The winds knocked down punt attempts by Charlie Peeters, as the Eagles failed to move the ball effectively, thus, giving K-M-S decent field position early.
This is the second trend in New York Mills' football games this season - a definite disadvantage in field position.
The Eagles were at midfield near the end of the first quarter facing a third and four. The Saints coaching staff utilized two timeouts to set up a punt, on fourth and four, into the wind.
The Saints' offense seemed comfortable and unaffected by the weather.
They opened up scoring in the second quarter by going to the air.
Baker hit Jacob Zvorak for 35 yards and got to the end zone on a 23-yard pass to Jordan Rothers.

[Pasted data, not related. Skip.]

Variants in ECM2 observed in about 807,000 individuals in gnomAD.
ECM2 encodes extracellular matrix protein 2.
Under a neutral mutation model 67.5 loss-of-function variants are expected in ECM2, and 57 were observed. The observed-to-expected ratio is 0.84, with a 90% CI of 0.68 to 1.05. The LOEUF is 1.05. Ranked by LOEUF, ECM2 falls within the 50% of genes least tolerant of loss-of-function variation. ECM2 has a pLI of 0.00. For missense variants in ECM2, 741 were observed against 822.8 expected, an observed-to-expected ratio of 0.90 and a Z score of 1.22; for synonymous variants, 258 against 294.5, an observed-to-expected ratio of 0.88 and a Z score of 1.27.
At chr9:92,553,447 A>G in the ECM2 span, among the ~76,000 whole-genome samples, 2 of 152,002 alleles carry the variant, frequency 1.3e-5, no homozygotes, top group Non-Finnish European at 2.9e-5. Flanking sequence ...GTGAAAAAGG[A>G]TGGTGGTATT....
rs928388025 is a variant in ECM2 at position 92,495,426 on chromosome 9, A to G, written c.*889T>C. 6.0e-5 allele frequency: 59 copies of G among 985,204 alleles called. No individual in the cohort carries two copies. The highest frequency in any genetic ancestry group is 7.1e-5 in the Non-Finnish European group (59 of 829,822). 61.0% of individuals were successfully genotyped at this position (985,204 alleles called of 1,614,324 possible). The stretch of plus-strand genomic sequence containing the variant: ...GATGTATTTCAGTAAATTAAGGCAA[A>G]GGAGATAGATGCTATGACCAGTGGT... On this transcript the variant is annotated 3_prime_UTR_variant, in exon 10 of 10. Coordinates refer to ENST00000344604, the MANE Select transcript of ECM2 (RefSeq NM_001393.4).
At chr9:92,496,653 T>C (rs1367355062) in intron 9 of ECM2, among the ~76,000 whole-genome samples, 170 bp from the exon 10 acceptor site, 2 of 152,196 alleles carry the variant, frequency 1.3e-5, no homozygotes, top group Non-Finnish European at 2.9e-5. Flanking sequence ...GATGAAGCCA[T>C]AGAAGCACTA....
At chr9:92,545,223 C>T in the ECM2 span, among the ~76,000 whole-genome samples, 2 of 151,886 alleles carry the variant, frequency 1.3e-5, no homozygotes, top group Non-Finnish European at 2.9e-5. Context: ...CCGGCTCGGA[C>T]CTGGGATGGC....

The Eagles blocked the PAT kick and K-M-S led 13-0 with 8:26 remaining until halftime.
New York Mills quarterback Charlie Peeters and the offense had a chance, with the wind, to drive down the field and get back in the game.
However, a Peeters pass was picked off by Travis Lamecker giving the ball to K-M-S on the Eagles' 47-yard line.
Shane Novak saved the game, up to that point, by intercepting Baker and Novak utilized his speed to return the ball 45-yards to the Saints' 19.
A penalty negated a nice effort by Novak on a run off right tackle and the Eagles would get no closer to the goal line ending up in fourth and seven.
Peeters nearly hit Taylor Ericksrud with a pass to the end zone that fell incomplete on third down.
Novak lined up and aided by the wind booted a 35-yard field goal that had plenty of distance for the Eagles' only offensive points in the game.